Completed in 1966 in the heart of the West End, Centre Point is a building that could only have emerged from the restless, irreverent period of the 1960s.
The building is the creation of one of the most influential property developers of the last century. Harry Hyams saw the opportunity to create a skyscraper in the heart of London. Designed by Colonel Seifert, it embodied the growing confidence of the 1960s, as Britain emerged from post-war depression. Later, it gained unwelcome ‘white elephant’ status, as it remained partially empty and cut off by the busy gyratory system that was formative in its creation.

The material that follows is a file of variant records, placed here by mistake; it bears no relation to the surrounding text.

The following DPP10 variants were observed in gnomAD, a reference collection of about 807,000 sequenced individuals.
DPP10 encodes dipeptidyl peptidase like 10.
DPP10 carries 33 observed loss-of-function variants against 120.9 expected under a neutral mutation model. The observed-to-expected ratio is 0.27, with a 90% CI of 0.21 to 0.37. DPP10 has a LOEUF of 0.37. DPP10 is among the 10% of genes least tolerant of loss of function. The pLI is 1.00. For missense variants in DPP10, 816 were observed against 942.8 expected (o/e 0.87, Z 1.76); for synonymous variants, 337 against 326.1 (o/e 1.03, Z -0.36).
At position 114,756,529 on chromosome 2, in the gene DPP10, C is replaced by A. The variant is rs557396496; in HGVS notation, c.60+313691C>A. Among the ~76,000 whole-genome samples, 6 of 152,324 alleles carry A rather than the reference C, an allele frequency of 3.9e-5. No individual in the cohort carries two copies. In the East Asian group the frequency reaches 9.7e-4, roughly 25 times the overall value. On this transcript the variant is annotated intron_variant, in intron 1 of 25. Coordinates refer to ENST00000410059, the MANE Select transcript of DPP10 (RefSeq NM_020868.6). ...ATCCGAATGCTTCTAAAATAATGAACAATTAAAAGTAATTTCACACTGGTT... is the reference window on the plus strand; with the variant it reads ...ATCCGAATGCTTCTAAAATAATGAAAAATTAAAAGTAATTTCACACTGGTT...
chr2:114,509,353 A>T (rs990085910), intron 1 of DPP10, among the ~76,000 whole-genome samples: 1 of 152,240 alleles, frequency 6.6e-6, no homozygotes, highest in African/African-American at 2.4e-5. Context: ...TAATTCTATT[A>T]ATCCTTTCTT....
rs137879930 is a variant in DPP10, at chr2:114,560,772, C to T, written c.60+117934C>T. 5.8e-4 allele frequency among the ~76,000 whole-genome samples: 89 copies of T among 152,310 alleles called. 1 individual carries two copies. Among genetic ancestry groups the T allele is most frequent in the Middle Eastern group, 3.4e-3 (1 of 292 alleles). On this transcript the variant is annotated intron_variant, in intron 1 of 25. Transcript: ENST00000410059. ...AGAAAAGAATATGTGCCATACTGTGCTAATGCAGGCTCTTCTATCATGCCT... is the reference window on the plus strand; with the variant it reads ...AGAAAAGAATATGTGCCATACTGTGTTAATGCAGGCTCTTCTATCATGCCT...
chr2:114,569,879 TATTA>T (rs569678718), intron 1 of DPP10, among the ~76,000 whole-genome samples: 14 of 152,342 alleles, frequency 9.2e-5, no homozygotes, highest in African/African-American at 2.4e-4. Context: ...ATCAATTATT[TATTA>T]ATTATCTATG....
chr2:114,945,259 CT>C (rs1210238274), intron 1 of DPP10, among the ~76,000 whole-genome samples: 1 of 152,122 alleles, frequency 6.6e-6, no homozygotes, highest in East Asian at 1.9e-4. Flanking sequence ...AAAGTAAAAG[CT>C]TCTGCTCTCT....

This under-appreciated architectural masterpiece is now set for an imaginative new lease of life. Centre Point, which was granted listed building status in 1995, has received planning permission for a transformation by Rick Mather Architects and Conran and Partners who will revive its sixties design appeal alongside cutting edge design and technology.
A landmark seen from every corner of the capital, this is a building that justifies its name. It stands at the junction of two of London’s busiest thoroughfares: Oxford Street and Tottenham Court Road. This is also the central point of the tube system, where the main north-south artery (the Northern Line) crosses the main east-west artery (the Central Line). The arrival of Crossrail, with Tottenham Court Road as the central stop will reaffirm Centre Point's geographical and symbolic position at the heart of London.